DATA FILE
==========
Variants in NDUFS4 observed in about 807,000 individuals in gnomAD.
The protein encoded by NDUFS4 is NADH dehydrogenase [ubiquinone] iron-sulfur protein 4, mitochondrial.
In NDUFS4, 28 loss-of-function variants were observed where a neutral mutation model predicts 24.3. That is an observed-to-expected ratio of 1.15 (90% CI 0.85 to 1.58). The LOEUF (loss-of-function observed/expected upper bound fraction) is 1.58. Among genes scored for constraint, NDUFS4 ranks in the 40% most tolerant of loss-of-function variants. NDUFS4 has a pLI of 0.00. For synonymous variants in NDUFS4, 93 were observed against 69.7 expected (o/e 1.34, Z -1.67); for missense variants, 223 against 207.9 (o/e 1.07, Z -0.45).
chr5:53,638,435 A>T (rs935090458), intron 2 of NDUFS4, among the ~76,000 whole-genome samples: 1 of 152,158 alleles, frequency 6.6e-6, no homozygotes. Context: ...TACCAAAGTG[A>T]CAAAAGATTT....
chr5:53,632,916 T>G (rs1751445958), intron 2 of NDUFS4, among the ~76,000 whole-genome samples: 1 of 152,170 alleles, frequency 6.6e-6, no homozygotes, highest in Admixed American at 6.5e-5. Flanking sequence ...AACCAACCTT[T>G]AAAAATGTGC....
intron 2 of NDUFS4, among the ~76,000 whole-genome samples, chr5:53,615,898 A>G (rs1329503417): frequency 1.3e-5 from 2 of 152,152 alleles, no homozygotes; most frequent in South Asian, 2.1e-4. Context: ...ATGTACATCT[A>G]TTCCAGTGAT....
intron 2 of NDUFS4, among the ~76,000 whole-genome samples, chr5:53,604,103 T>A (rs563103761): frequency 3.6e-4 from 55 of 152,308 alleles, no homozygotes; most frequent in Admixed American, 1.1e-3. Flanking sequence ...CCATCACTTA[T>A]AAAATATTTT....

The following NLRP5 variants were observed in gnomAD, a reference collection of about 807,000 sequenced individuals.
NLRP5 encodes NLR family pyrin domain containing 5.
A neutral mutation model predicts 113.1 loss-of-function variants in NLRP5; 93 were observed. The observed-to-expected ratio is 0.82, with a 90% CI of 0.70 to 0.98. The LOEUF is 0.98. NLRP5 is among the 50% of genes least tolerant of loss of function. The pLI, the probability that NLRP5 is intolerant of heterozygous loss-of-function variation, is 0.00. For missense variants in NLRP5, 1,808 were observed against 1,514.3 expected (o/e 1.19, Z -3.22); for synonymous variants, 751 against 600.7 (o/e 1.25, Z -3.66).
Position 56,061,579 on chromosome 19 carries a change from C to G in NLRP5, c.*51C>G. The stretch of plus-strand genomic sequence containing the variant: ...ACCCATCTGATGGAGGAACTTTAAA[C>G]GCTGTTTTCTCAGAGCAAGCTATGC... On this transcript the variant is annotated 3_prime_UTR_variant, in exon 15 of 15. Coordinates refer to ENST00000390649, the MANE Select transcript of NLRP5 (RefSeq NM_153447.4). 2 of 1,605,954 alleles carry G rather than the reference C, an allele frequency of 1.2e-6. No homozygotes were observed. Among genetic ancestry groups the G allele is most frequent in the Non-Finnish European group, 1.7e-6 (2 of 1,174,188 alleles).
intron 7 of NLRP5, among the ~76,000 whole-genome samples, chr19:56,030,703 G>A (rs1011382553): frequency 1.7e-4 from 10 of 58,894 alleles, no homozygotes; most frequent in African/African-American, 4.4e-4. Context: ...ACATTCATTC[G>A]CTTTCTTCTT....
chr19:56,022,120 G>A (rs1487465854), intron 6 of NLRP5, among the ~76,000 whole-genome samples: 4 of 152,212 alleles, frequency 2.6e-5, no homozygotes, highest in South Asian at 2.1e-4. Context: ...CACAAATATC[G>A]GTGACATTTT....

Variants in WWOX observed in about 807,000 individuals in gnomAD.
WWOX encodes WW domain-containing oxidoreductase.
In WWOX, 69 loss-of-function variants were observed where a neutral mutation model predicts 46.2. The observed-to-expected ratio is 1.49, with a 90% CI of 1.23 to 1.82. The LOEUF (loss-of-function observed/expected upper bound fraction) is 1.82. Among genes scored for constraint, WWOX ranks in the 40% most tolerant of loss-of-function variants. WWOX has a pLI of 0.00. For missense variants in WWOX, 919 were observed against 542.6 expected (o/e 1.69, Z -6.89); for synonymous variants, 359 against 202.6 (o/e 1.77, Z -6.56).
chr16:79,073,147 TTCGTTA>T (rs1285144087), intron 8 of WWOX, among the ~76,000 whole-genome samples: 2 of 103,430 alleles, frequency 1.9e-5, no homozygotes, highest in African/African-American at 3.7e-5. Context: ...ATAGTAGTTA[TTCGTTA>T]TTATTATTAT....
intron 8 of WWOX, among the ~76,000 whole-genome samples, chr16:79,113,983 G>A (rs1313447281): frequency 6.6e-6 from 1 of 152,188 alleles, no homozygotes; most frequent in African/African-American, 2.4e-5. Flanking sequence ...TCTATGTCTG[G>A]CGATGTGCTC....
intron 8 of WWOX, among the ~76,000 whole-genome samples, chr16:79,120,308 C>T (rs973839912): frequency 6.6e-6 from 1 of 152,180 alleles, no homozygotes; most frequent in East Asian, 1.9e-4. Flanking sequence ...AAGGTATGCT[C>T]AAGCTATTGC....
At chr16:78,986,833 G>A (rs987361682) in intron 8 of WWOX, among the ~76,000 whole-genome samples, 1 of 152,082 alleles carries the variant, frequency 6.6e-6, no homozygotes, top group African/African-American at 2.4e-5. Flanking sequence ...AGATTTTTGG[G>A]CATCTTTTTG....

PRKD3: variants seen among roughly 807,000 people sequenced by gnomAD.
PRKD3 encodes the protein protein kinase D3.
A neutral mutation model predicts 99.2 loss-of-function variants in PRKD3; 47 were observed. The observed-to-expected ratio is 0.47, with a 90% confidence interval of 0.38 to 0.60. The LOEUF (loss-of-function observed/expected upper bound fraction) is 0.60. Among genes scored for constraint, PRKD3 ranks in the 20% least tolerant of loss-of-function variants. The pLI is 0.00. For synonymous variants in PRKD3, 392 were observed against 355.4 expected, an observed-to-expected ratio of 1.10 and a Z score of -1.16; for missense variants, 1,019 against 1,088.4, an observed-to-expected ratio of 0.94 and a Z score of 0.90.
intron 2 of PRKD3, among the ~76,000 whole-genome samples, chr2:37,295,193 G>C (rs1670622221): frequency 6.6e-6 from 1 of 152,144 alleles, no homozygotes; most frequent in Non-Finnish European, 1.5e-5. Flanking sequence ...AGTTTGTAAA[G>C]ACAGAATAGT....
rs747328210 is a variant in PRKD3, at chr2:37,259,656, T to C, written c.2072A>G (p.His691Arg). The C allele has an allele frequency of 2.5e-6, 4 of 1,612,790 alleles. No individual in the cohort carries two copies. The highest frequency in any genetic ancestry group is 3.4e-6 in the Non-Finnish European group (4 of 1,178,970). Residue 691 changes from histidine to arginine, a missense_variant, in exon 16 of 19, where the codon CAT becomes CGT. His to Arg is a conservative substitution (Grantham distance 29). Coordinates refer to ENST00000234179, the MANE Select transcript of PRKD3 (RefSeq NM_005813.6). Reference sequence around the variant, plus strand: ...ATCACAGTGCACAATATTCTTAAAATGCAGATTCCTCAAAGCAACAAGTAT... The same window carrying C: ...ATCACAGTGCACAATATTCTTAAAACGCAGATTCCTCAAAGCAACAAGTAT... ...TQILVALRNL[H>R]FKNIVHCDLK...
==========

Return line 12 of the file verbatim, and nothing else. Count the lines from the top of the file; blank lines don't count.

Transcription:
intron 7 of NLRP5, among the ~76,000 whole-genome samples, chr19:56,030,703 G>A (rs1011382553): frequency 1.7e-4 from 10 of 58,894 alleles, no homozygotes; most frequent in African/African-American, 4.4e-4. Context: ...ACATTCATTC[G>A]CTTTCTTCTT....